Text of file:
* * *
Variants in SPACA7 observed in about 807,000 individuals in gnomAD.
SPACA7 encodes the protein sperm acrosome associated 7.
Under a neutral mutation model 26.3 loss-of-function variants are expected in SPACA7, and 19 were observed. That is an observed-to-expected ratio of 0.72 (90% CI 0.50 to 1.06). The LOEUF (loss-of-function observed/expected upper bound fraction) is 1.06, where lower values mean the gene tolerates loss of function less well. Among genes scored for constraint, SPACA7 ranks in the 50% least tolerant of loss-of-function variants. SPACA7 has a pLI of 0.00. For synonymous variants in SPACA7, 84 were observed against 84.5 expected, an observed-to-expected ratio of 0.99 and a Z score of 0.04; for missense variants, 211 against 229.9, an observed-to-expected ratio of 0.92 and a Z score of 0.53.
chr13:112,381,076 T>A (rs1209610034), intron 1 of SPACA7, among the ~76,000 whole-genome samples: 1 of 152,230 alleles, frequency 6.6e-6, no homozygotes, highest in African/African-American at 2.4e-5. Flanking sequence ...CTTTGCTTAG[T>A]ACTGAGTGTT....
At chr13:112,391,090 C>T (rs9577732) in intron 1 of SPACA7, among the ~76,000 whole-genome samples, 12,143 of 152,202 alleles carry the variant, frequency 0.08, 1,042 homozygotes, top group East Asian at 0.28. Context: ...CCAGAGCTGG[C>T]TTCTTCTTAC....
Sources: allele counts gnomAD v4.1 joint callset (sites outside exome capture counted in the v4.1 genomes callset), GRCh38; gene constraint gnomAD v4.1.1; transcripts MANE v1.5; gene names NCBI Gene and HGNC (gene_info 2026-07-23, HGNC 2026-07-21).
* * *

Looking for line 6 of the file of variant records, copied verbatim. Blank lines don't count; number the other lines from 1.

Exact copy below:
Sources: allele counts gnomAD v4.1 joint callset (sites outside exome capture counted in the v4.1 genomes callset), GRCh38; gene constraint gnomAD v4.1.1; transcripts MANE v1.5; gene names NCBI Gene and HGNC (gene_info 2026-07-23, HGNC 2026-07-21).